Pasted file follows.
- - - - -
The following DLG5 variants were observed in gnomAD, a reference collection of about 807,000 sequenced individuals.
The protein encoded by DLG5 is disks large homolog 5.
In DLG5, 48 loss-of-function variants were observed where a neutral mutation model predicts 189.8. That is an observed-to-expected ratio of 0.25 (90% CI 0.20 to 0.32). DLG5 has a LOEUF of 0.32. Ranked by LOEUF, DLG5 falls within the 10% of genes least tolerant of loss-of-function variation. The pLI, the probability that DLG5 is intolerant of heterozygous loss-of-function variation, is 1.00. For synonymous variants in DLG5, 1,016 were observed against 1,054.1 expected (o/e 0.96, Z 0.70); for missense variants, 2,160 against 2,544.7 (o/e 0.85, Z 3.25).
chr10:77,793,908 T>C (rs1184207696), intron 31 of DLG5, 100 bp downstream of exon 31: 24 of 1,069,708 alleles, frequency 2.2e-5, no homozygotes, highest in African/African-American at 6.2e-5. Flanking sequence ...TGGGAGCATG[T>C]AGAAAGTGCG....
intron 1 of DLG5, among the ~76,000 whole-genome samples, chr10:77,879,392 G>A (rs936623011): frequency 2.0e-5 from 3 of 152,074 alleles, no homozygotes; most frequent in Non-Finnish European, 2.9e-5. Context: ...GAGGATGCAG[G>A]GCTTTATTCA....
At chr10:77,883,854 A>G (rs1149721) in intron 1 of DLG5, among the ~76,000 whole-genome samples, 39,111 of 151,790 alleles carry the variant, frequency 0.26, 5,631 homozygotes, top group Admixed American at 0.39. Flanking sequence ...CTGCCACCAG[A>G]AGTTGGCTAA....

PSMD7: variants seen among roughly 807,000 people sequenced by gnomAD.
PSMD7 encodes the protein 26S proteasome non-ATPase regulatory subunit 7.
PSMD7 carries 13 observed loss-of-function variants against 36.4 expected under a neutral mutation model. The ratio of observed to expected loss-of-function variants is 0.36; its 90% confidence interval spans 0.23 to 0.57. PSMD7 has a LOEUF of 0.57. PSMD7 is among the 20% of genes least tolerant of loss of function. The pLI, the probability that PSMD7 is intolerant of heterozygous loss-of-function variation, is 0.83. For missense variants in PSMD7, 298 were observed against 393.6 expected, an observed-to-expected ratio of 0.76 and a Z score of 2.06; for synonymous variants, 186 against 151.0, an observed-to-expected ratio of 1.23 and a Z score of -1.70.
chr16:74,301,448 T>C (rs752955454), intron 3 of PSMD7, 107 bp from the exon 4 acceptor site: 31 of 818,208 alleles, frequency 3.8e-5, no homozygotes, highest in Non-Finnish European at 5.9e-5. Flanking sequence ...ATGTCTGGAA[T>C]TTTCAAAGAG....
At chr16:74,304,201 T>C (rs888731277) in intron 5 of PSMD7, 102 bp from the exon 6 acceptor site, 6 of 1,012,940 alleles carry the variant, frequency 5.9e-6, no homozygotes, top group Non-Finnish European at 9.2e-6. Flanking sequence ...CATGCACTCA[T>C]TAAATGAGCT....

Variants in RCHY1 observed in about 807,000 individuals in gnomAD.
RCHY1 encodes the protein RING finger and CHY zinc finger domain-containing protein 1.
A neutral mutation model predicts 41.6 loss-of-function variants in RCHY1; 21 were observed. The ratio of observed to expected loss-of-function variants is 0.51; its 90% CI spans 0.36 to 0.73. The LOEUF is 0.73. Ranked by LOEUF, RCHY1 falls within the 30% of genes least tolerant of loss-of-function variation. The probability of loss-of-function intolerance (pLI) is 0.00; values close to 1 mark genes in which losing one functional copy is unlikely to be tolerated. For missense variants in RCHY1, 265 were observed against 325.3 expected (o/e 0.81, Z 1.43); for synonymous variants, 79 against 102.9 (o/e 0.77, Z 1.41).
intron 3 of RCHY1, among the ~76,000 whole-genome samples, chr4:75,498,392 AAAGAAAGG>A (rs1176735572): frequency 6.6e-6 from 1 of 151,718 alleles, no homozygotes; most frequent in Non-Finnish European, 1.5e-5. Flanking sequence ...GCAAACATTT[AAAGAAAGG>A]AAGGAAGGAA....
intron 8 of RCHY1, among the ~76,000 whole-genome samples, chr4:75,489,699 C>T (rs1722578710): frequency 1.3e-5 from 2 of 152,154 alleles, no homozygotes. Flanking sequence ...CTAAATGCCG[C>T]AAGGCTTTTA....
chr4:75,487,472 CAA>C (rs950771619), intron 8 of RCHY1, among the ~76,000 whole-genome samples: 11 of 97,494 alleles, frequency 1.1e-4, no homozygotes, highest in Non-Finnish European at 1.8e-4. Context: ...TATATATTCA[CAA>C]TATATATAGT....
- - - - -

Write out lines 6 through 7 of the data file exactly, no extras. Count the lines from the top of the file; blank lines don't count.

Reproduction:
At chr10:77,883,854 A>G (rs1149721) in intron 1 of DLG5, among the ~76,000 whole-genome samples, 39,111 of 151,790 alleles carry the variant, frequency 0.26, 5,631 homozygotes, top group Admixed American at 0.39. Flanking sequence ...CTGCCACCAG[A>G]AGTTGGCTAA....

PSMD7: variants seen among roughly 807,000 people sequenced by gnomAD.